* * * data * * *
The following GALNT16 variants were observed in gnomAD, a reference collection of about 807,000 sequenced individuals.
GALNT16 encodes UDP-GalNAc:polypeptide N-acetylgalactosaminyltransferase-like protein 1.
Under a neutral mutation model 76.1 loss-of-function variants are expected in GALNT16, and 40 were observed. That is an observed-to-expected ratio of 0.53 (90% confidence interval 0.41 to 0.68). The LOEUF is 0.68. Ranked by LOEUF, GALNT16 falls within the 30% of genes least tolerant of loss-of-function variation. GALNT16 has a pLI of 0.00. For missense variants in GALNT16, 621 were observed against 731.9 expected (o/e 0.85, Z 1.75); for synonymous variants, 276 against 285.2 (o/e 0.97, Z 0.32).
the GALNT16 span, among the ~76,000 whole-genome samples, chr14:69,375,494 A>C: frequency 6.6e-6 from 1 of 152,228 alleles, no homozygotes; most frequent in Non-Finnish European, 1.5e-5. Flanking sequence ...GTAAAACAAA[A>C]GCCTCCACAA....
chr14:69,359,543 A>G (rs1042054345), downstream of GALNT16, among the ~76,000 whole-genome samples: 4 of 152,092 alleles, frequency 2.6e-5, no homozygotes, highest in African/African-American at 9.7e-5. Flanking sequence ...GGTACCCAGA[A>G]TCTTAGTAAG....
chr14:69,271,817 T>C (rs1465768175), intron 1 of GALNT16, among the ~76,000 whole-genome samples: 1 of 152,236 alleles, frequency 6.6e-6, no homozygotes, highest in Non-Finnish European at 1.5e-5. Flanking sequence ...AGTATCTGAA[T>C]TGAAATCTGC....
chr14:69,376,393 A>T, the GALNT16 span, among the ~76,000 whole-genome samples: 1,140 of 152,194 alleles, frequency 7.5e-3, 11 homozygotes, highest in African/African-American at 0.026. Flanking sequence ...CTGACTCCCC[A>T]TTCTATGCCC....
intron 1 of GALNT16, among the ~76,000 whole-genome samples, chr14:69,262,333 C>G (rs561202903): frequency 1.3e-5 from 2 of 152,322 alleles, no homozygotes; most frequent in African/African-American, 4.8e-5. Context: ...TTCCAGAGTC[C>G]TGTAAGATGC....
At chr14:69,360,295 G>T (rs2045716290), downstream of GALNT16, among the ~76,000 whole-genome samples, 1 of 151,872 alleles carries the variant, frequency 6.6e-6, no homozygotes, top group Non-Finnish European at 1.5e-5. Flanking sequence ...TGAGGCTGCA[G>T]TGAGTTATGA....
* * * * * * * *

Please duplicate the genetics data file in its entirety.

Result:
The following GALNT16 variants were observed in gnomAD, a reference collection of about 807,000 sequenced individuals.
GALNT16 encodes UDP-GalNAc:polypeptide N-acetylgalactosaminyltransferase-like protein 1.
Under a neutral mutation model 76.1 loss-of-function variants are expected in GALNT16, and 40 were observed. That is an observed-to-expected ratio of 0.53 (90% confidence interval 0.41 to 0.68). The LOEUF is 0.68. Ranked by LOEUF, GALNT16 falls within the 30% of genes least tolerant of loss-of-function variation. GALNT16 has a pLI of 0.00. For missense variants in GALNT16, 621 were observed against 731.9 expected (o/e 0.85, Z 1.75); for synonymous variants, 276 against 285.2 (o/e 0.97, Z 0.32).
the GALNT16 span, among the ~76,000 whole-genome samples, chr14:69,375,494 A>C: frequency 6.6e-6 from 1 of 152,228 alleles, no homozygotes; most frequent in Non-Finnish European, 1.5e-5. Flanking sequence ...GTAAAACAAA[A>C]GCCTCCACAA....
chr14:69,359,543 A>G (rs1042054345), downstream of GALNT16, among the ~76,000 whole-genome samples: 4 of 152,092 alleles, frequency 2.6e-5, no homozygotes, highest in African/African-American at 9.7e-5. Flanking sequence ...GGTACCCAGA[A>G]TCTTAGTAAG....
chr14:69,271,817 T>C (rs1465768175), intron 1 of GALNT16, among the ~76,000 whole-genome samples: 1 of 152,236 alleles, frequency 6.6e-6, no homozygotes, highest in Non-Finnish European at 1.5e-5. Flanking sequence ...AGTATCTGAA[T>C]TGAAATCTGC....
chr14:69,376,393 A>T, the GALNT16 span, among the ~76,000 whole-genome samples: 1,140 of 152,194 alleles, frequency 7.5e-3, 11 homozygotes, highest in African/African-American at 0.026. Flanking sequence ...CTGACTCCCC[A>T]TTCTATGCCC....
intron 1 of GALNT16, among the ~76,000 whole-genome samples, chr14:69,262,333 C>G (rs561202903): frequency 1.3e-5 from 2 of 152,322 alleles, no homozygotes; most frequent in African/African-American, 4.8e-5. Context: ...TTCCAGAGTC[C>G]TGTAAGATGC....
At chr14:69,360,295 G>T (rs2045716290), downstream of GALNT16, among the ~76,000 whole-genome samples, 1 of 151,872 alleles carries the variant, frequency 6.6e-6, no homozygotes, top group Non-Finnish European at 1.5e-5. Flanking sequence ...TGAGGCTGCA[G>T]TGAGTTATGA....